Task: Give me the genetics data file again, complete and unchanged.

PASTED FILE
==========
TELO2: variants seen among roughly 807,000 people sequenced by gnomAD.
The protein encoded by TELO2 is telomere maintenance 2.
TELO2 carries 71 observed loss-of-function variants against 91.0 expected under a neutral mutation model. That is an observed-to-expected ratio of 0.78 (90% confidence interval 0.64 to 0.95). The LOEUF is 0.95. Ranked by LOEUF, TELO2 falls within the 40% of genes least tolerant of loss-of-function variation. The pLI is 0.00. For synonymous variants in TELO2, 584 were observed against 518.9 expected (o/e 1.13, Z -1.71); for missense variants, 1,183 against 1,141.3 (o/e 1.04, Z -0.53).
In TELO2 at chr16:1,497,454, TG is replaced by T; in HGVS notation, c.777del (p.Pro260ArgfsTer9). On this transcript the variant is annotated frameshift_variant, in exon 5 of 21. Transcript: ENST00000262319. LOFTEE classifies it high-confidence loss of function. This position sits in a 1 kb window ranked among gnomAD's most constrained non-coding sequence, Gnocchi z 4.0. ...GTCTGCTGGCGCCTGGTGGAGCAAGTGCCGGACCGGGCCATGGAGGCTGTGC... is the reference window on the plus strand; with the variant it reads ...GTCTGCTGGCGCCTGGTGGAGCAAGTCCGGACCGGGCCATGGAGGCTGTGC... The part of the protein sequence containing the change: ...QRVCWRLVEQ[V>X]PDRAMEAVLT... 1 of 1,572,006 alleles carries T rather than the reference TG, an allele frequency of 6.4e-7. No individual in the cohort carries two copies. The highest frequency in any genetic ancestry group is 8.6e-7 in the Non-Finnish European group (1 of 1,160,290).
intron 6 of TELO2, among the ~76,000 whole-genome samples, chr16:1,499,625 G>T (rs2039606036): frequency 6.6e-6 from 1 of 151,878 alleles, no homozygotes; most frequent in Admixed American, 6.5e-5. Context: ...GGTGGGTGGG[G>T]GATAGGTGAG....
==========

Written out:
TELO2: variants seen among roughly 807,000 people sequenced by gnomAD.
The protein encoded by TELO2 is telomere maintenance 2.
TELO2 carries 71 observed loss-of-function variants against 91.0 expected under a neutral mutation model. That is an observed-to-expected ratio of 0.78 (90% confidence interval 0.64 to 0.95). The LOEUF is 0.95. Ranked by LOEUF, TELO2 falls within the 40% of genes least tolerant of loss-of-function variation. The pLI is 0.00. For synonymous variants in TELO2, 584 were observed against 518.9 expected (o/e 1.13, Z -1.71); for missense variants, 1,183 against 1,141.3 (o/e 1.04, Z -0.53).
In TELO2 at chr16:1,497,454, TG is replaced by T; in HGVS notation, c.777del (p.Pro260ArgfsTer9). On this transcript the variant is annotated frameshift_variant, in exon 5 of 21. Transcript: ENST00000262319. LOFTEE classifies it high-confidence loss of function. This position sits in a 1 kb window ranked among gnomAD's most constrained non-coding sequence, Gnocchi z 4.0. ...GTCTGCTGGCGCCTGGTGGAGCAAGTGCCGGACCGGGCCATGGAGGCTGTGC... is the reference window on the plus strand; with the variant it reads ...GTCTGCTGGCGCCTGGTGGAGCAAGTCCGGACCGGGCCATGGAGGCTGTGC... The part of the protein sequence containing the change: ...QRVCWRLVEQ[V>X]PDRAMEAVLT... 1 of 1,572,006 alleles carries T rather than the reference TG, an allele frequency of 6.4e-7. No individual in the cohort carries two copies. The highest frequency in any genetic ancestry group is 8.6e-7 in the Non-Finnish European group (1 of 1,160,290).
intron 6 of TELO2, among the ~76,000 whole-genome samples, chr16:1,499,625 G>T (rs2039606036): frequency 6.6e-6 from 1 of 151,878 alleles, no homozygotes; most frequent in Admixed American, 6.5e-5. Context: ...GGTGGGTGGG[G>T]GATAGGTGAG....